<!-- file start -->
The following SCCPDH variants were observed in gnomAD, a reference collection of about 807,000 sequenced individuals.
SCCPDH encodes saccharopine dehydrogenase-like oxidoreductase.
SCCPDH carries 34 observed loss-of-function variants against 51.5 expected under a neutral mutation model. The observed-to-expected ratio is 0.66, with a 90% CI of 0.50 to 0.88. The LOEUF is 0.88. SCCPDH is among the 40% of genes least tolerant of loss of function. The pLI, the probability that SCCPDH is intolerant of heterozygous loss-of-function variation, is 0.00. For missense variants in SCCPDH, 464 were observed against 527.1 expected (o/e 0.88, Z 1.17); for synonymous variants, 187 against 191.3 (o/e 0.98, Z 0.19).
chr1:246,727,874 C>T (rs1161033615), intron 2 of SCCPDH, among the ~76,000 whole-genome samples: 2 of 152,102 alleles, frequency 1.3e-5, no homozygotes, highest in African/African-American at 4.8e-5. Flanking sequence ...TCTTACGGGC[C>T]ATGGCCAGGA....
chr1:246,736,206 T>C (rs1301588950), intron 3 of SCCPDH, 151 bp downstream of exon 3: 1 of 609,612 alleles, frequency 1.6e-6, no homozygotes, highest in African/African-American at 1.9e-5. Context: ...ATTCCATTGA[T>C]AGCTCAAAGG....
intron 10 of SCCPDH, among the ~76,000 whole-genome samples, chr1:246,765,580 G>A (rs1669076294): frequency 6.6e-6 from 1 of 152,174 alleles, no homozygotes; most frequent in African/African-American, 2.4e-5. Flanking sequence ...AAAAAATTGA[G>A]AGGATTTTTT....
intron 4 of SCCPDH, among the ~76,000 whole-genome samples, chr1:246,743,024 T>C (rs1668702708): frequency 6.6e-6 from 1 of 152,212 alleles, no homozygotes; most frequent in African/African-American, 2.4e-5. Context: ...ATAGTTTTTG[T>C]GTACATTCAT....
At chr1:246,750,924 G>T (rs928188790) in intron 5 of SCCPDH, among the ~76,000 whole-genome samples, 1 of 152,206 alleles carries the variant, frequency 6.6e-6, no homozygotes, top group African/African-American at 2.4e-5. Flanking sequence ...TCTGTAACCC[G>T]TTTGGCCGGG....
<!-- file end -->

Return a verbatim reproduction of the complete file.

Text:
The following SCCPDH variants were observed in gnomAD, a reference collection of about 807,000 sequenced individuals.
SCCPDH encodes saccharopine dehydrogenase-like oxidoreductase.
SCCPDH carries 34 observed loss-of-function variants against 51.5 expected under a neutral mutation model. The observed-to-expected ratio is 0.66, with a 90% CI of 0.50 to 0.88. The LOEUF is 0.88. SCCPDH is among the 40% of genes least tolerant of loss of function. The pLI, the probability that SCCPDH is intolerant of heterozygous loss-of-function variation, is 0.00. For missense variants in SCCPDH, 464 were observed against 527.1 expected (o/e 0.88, Z 1.17); for synonymous variants, 187 against 191.3 (o/e 0.98, Z 0.19).
chr1:246,727,874 C>T (rs1161033615), intron 2 of SCCPDH, among the ~76,000 whole-genome samples: 2 of 152,102 alleles, frequency 1.3e-5, no homozygotes, highest in African/African-American at 4.8e-5. Flanking sequence ...TCTTACGGGC[C>T]ATGGCCAGGA....
chr1:246,736,206 T>C (rs1301588950), intron 3 of SCCPDH, 151 bp downstream of exon 3: 1 of 609,612 alleles, frequency 1.6e-6, no homozygotes, highest in African/African-American at 1.9e-5. Context: ...ATTCCATTGA[T>C]AGCTCAAAGG....
intron 10 of SCCPDH, among the ~76,000 whole-genome samples, chr1:246,765,580 G>A (rs1669076294): frequency 6.6e-6 from 1 of 152,174 alleles, no homozygotes; most frequent in African/African-American, 2.4e-5. Flanking sequence ...AAAAAATTGA[G>A]AGGATTTTTT....
intron 4 of SCCPDH, among the ~76,000 whole-genome samples, chr1:246,743,024 T>C (rs1668702708): frequency 6.6e-6 from 1 of 152,212 alleles, no homozygotes; most frequent in African/African-American, 2.4e-5. Context: ...ATAGTTTTTG[T>C]GTACATTCAT....
At chr1:246,750,924 G>T (rs928188790) in intron 5 of SCCPDH, among the ~76,000 whole-genome samples, 1 of 152,206 alleles carries the variant, frequency 6.6e-6, no homozygotes, top group African/African-American at 2.4e-5. Flanking sequence ...TCTGTAACCC[G>T]TTTGGCCGGG....